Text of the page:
Please forgive my absence from blogging recently. It's been quite a busy time with my work, photography project and a recent trip away.
Image by Eric Verspoor
I was contacted by a resident who was suffering excess noise from one of his neighbours and he asked me to blog about the subject.
This can sometimes be quite a tricky subject to address, with some things to consider. For example, how well do you know your neighbours, is it a one-off or a regular occurrence, is it waking you up or stopping you from sleeping?
There are guidelines set in place by the Directors/Metro, and I believe the 'quiet' time in the park is set at around 10pm to 7am (though someone please correct me if I have got those times wrong), and in a memo I remember it stating that even consideration when putting bottles in the bottle banks should be considered especially early in the morning.
And generally the park is a pretty quiet place, I think you would agree, but we don't live in isolated mansions in the country side and noise inevitably will travel and become an issue from time to time.
So! How to deal with it?
- Speak to your neighbour. Sometimes this is easier said than done but they may not even be aware that noise from their flat is disturbing you. It's probably best not to do this when you are in a peak of rage at the noise. Wait until you are calm and you can be friendly. If you approach your neighbour with an open attitude it may help allay a potentially confrontational situation. Briefly explain the noise issue and how it is disturbing you, perhaps even asking if they can hear any noise from your flat. At this point hopefully your neighbour will take your request in a well intentioned way and the noise will decease, or perhaps you can both agree that the noise would be okay between certain times during the day (when you are out and it it won't disturb you). On the other hand, you may get a hostile reception. In this case walk away and don't add fuel to the fire. You have advised them of the noise and made a request, now leave it a few days and give your neighbour time to calm down and you may find that the noise will stop.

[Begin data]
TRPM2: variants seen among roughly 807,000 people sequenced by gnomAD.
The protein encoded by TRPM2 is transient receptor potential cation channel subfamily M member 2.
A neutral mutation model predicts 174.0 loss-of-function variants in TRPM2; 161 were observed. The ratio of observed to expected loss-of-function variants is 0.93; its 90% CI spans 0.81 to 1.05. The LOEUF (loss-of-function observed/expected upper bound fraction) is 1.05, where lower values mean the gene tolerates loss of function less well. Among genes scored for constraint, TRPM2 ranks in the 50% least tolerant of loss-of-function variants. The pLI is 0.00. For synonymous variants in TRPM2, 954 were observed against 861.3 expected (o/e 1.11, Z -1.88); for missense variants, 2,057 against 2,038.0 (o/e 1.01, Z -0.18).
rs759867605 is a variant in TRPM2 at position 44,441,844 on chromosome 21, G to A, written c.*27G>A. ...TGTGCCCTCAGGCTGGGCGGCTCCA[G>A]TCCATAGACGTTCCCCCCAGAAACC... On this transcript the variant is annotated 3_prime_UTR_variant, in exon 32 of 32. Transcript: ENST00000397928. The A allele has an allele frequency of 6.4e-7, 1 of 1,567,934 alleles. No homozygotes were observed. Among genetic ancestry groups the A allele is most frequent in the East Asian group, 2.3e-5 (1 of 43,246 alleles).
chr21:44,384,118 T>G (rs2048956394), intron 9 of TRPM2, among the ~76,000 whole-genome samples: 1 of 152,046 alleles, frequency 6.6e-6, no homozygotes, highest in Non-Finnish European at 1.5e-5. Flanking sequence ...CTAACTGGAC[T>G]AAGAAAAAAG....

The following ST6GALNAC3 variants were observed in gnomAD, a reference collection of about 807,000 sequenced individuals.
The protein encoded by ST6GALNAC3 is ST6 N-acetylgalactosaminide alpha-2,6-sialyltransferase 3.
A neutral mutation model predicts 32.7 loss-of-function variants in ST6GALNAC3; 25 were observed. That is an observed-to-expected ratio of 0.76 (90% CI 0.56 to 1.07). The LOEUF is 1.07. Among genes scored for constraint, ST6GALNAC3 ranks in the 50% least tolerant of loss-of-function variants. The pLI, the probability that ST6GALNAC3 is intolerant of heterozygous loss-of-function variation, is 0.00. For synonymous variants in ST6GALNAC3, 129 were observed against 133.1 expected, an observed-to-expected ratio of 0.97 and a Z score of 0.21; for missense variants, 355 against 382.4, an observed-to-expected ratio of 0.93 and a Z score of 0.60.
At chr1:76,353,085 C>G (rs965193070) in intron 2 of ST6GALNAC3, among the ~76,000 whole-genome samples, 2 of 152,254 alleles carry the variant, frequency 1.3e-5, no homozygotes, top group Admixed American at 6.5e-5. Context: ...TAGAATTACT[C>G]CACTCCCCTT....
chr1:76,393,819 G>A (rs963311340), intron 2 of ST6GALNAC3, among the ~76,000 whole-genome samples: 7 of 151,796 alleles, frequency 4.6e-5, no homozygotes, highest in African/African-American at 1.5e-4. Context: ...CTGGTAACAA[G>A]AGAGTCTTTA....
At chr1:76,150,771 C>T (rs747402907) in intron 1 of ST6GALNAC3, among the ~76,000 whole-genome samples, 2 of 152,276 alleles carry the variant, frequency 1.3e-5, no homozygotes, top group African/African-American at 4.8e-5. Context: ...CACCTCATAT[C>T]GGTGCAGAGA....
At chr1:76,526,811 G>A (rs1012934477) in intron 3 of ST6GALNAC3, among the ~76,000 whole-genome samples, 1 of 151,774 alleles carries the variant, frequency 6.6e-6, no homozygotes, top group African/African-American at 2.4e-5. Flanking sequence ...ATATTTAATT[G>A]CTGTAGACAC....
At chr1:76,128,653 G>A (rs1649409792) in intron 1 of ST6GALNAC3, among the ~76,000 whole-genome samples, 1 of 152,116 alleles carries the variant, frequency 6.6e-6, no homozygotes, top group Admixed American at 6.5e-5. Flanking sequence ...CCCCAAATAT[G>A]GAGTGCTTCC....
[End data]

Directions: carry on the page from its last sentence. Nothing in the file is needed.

- If this has no effect, put something in writing to your neighbour and keep a copy for yourself. In the letter state what the noise pollution is exactly, and dates on which this has occurred, that the noise is disturbing you and that you request it stops or offer a compromise as to when the noise would be acceptable to you (if any). It is probably worth making a note of the times and dates of the disturbances too.
- If you still have no joy, then get in touch with Metro (of course, this could be your first course of action if you feel you cannot do the above). They can then get in touch with your neighbours and act as an intermediary. Hopefully this can resolve the matter.
- Still no luck. Perhaps it's time to make it more official. Birmingham City Council have ways of dealing with nuisance noise and you can read about it on their website. They will ask you to document evidence. They may come out and gather evidence themselves. They have the power to remove the source of the noise (ie, stereo) and can be fined up to £5,000. Hopefully you won't have to go down this route, but the option is there if you need to.
I hope this guide is useful to you. Please feel free to leave any comments below, and as always, if you would like to write an article for the Wake Green Park Blog, you may email it to me at firstname.lastname@example.org